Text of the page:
as community organizations for us to challenge this bigoted discourse.

Guided by our two co-facilitators, we are hoping to:
a) Name the anti-immigrant policies and discuss briefly their impact on our communities,
b) Discuss the failure of Trump in his attempts to implement these policies (whether it is the decision of the judicial system or the opposition from State governments) AND MAINLY,
c) Provide language to challenge these systems.

Alia Hogben is the Executive Director of the Canadian Council of Muslim Women. In 2012, Hogben became the second Canadian Muslim woman to be awarded the Order of Canada for her work in the area of women’s rights.

Syed Hussan is a researcher, writer and campaigner based in Toronto. He organizes as part of and alongside migrant and undocumented communities, including those targeted by the national security state. He is a co-creator, with Aliya Pabani, of the project.

You must get tickets to attend the event.

Film Screening: Among the Believers

Bocumentary, colour, 95 min, English subtitles.

In its verdict of March 9, the Islamabad High Court made it mandatory for all applicants to the army and the civil to declare their ‘true faith’, failure to do which could make one ‘guilty of betraying the state’ and ‘exploiting the Constitution’.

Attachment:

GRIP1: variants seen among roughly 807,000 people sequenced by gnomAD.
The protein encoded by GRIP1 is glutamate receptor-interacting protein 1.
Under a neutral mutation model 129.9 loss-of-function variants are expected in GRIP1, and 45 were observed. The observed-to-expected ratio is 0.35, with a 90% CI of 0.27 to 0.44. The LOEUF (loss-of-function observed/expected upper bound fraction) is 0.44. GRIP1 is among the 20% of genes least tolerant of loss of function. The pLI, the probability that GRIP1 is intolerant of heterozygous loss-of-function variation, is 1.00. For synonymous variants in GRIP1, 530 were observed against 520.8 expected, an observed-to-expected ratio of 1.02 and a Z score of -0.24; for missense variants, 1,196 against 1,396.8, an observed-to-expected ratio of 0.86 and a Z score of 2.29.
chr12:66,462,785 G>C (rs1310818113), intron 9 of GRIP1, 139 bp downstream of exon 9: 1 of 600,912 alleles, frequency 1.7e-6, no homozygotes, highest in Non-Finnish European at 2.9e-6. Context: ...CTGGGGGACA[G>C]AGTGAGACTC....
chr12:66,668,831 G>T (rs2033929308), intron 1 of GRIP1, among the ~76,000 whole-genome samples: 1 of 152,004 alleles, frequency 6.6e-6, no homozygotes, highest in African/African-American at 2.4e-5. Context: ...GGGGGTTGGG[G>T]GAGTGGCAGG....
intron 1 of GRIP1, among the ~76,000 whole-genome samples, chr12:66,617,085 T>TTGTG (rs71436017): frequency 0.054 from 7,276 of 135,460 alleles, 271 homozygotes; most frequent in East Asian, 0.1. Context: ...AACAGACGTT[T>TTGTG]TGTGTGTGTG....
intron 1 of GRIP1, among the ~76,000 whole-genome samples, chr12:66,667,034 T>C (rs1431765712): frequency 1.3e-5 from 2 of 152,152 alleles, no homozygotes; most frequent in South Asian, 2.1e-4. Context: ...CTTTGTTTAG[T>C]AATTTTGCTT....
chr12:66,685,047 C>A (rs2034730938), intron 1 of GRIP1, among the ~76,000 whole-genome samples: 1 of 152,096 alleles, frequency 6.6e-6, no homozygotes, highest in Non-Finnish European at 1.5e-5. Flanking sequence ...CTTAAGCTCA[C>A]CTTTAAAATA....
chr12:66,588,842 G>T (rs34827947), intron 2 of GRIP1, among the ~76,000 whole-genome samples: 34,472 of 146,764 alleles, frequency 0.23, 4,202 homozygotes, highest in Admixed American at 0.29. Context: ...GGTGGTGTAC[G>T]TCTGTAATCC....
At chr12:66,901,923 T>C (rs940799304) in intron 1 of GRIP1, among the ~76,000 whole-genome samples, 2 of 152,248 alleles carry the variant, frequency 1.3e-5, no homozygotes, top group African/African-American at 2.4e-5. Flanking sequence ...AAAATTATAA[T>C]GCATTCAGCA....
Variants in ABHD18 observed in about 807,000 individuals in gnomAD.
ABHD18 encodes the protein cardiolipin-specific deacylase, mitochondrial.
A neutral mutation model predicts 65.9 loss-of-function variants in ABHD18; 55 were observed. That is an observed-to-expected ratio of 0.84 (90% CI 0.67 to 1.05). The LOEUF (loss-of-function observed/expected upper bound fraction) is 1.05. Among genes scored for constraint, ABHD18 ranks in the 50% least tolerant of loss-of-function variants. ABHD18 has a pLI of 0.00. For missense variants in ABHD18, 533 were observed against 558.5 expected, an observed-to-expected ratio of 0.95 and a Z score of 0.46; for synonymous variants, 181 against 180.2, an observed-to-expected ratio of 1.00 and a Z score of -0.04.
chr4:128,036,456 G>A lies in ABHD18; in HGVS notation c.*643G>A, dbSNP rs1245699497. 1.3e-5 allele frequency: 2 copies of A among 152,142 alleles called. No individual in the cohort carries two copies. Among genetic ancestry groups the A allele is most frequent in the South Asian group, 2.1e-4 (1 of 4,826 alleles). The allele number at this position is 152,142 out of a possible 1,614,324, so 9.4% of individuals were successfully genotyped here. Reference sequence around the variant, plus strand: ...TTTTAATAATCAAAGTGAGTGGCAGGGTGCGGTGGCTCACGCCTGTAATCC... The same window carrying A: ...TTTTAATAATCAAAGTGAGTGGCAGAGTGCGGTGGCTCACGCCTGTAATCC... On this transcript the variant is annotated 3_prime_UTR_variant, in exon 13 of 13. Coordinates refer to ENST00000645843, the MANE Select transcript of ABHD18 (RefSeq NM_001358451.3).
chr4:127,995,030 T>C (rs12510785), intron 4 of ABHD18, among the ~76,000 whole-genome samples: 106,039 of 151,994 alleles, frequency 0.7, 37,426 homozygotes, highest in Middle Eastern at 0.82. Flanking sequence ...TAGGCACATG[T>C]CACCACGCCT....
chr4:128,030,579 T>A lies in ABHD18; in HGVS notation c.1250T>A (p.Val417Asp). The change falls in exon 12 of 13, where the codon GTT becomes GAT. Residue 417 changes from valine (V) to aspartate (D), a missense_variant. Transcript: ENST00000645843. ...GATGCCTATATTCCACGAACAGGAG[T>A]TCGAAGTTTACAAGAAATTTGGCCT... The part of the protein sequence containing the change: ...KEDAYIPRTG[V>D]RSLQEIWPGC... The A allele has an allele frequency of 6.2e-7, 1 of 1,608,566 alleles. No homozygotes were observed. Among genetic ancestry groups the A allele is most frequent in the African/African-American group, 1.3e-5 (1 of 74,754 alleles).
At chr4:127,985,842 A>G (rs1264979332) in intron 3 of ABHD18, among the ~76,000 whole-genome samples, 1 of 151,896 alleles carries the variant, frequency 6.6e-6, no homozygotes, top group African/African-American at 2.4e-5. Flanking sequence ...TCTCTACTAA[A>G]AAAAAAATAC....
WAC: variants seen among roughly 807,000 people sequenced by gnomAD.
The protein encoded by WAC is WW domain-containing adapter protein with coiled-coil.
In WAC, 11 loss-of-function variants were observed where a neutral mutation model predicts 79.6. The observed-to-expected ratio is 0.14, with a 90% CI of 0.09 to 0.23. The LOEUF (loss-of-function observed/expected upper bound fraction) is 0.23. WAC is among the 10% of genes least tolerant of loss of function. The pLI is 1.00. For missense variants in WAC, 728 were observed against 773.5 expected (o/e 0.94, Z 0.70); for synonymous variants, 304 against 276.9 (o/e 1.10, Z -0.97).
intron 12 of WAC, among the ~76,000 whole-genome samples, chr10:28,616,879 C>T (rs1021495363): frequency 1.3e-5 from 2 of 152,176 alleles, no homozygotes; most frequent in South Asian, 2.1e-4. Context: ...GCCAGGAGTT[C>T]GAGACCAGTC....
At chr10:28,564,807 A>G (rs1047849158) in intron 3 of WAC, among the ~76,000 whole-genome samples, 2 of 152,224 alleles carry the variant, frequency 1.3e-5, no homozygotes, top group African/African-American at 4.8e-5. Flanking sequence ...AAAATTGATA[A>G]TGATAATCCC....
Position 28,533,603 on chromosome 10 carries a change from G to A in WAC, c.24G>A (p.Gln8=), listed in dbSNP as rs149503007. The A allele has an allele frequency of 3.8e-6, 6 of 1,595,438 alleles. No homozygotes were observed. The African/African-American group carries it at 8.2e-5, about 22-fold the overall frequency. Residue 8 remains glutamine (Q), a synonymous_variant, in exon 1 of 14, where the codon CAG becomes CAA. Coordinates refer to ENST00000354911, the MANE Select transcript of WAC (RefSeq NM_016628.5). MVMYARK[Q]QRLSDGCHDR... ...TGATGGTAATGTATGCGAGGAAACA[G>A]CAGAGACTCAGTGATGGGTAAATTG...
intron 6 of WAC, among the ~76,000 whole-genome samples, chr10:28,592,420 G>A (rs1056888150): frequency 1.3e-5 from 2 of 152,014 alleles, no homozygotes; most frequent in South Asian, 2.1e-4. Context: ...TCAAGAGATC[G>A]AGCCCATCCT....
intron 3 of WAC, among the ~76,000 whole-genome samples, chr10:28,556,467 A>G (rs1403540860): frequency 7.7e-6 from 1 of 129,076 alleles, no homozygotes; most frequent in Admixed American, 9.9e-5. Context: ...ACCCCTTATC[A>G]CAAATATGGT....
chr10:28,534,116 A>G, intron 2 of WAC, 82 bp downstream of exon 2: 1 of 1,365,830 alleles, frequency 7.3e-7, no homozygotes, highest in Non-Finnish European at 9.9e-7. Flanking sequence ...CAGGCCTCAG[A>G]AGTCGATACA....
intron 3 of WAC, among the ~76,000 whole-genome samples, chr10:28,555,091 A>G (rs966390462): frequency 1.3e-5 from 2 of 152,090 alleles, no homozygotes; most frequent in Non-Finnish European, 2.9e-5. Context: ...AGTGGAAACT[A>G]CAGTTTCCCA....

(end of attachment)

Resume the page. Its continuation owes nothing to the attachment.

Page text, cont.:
Fundamentalist ideology and violence that has been devastating for Pakistan, especially its religious minorities.

This ideology and these actions, are those of a small minority of people and have nothing to do with the beliefs and practices of the overwhelming majority of the Muslim masses.

‘Among the Believers’, featuring the renowned nuclear physicist and mathematician, and courageous human rights activist Dr. Pervez Hoodbhoy, focuses on the chilling message of the radical cleric Abdul Aziz of the Lal Masjid of Islamabad who is known for his support of Al-Qaida and the Taliban.

Documentary followed by discussion on the origins and impact of fundamentalism in Pakistan and what we can do to help combat it.

All welcome. Free admission; voluntary donations appreciated.

VAUGHAN: Saturday, March 17, 2 pm,
Civic Centre Library, 2191 Major Mackenzie Drive

AJAX: Saturday, March 31, 1.30 pm
St. Francis Centre, 78 Church Street

TORONTO: Wednesday, April 11, 7 pm
Palmerston Library, 560 Palmerston Ave, (Bathurst & Bloor)